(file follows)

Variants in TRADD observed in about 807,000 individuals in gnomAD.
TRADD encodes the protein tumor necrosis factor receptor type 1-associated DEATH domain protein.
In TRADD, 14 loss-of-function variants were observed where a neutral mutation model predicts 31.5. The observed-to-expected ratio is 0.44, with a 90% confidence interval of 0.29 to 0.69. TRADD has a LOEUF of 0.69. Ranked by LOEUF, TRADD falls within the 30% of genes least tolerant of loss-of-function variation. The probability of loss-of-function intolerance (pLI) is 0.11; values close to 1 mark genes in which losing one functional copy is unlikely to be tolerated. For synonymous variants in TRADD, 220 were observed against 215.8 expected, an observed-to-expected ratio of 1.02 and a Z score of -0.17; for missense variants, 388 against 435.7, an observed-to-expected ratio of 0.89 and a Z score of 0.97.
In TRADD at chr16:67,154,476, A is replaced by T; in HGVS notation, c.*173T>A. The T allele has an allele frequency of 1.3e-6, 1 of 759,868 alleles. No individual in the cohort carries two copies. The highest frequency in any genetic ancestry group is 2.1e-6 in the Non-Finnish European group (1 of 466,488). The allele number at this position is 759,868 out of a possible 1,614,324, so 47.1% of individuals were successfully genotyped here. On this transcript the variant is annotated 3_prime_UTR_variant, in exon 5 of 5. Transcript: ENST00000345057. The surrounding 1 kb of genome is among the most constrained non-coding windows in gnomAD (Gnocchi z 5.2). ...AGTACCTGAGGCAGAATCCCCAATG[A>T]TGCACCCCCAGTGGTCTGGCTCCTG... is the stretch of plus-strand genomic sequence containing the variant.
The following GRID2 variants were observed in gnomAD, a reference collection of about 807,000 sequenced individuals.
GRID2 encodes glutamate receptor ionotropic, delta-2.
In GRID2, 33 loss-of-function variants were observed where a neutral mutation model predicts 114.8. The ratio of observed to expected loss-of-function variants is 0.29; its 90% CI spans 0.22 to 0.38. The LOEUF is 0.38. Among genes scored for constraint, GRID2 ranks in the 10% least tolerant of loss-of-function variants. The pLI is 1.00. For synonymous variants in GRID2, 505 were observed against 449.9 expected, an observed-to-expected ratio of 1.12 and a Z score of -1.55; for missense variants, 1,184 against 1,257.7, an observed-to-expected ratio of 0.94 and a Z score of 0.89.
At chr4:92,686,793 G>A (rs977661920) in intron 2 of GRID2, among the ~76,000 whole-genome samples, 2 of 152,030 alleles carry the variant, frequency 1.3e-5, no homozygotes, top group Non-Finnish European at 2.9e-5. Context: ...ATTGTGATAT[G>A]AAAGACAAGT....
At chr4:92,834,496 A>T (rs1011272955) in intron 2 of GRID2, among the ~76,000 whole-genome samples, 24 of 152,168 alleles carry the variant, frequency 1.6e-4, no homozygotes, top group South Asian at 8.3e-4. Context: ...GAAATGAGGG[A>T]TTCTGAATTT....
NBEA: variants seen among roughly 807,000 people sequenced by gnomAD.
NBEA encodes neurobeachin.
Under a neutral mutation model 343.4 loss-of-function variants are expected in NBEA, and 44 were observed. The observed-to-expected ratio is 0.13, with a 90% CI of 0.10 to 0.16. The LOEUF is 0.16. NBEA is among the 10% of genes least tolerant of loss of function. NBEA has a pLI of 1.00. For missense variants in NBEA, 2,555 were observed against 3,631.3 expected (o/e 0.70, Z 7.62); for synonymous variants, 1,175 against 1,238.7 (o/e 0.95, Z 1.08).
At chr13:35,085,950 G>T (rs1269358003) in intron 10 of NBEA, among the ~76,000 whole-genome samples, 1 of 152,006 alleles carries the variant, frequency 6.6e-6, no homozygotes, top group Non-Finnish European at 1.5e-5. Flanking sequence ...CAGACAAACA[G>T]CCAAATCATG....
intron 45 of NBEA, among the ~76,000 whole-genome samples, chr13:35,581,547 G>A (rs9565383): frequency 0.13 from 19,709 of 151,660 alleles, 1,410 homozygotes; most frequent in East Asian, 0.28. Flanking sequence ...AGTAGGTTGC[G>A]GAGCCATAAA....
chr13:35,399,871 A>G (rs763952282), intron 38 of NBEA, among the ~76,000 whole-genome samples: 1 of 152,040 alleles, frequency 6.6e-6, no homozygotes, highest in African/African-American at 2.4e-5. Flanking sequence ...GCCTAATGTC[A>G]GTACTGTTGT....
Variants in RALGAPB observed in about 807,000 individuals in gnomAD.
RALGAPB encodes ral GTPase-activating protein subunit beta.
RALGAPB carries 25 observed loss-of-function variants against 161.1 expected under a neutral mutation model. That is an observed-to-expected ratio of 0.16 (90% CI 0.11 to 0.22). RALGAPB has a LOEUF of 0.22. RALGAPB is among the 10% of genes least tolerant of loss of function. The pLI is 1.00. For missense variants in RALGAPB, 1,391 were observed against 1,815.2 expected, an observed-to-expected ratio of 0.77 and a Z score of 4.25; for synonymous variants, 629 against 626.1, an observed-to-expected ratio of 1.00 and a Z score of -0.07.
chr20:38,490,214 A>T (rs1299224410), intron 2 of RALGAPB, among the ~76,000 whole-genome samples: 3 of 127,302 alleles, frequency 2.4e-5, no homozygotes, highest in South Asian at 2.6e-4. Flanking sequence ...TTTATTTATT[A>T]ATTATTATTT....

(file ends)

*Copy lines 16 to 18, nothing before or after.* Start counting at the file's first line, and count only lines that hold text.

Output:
Variants in RALGAPB observed in about 807,000 individuals in gnomAD.
RALGAPB encodes ral GTPase-activating protein subunit beta.
RALGAPB carries 25 observed loss-of-function variants against 161.1 expected under a neutral mutation model. That is an observed-to-expected ratio of 0.16 (90% CI 0.11 to 0.22). RALGAPB has a LOEUF of 0.22. RALGAPB is among the 10% of genes least tolerant of loss of function. The pLI is 1.00. For missense variants in RALGAPB, 1,391 were observed against 1,815.2 expected, an observed-to-expected ratio of 0.77 and a Z score of 4.25; for synonymous variants, 629 against 626.1, an observed-to-expected ratio of 1.00 and a Z score of -0.07.